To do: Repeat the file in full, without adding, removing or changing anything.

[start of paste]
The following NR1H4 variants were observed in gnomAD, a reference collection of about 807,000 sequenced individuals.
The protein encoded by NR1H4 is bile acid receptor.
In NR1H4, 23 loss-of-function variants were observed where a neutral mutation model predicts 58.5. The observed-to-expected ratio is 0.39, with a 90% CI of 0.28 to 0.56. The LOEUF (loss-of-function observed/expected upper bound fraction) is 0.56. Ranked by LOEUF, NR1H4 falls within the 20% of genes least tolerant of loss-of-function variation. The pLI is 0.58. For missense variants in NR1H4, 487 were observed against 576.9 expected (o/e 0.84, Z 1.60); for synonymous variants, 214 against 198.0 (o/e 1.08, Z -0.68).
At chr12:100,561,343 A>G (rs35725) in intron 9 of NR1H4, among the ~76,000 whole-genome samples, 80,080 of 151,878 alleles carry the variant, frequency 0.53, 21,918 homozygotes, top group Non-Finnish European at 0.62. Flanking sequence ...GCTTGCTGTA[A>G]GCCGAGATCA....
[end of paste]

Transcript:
The following NR1H4 variants were observed in gnomAD, a reference collection of about 807,000 sequenced individuals.
The protein encoded by NR1H4 is bile acid receptor.
In NR1H4, 23 loss-of-function variants were observed where a neutral mutation model predicts 58.5. The observed-to-expected ratio is 0.39, with a 90% CI of 0.28 to 0.56. The LOEUF (loss-of-function observed/expected upper bound fraction) is 0.56. Ranked by LOEUF, NR1H4 falls within the 20% of genes least tolerant of loss-of-function variation. The pLI is 0.58. For missense variants in NR1H4, 487 were observed against 576.9 expected (o/e 0.84, Z 1.60); for synonymous variants, 214 against 198.0 (o/e 1.08, Z -0.68).
At chr12:100,561,343 A>G (rs35725) in intron 9 of NR1H4, among the ~76,000 whole-genome samples, 80,080 of 151,878 alleles carry the variant, frequency 0.53, 21,918 homozygotes, top group Non-Finnish European at 0.62. Flanking sequence ...GCTTGCTGTA[A>G]GCCGAGATCA....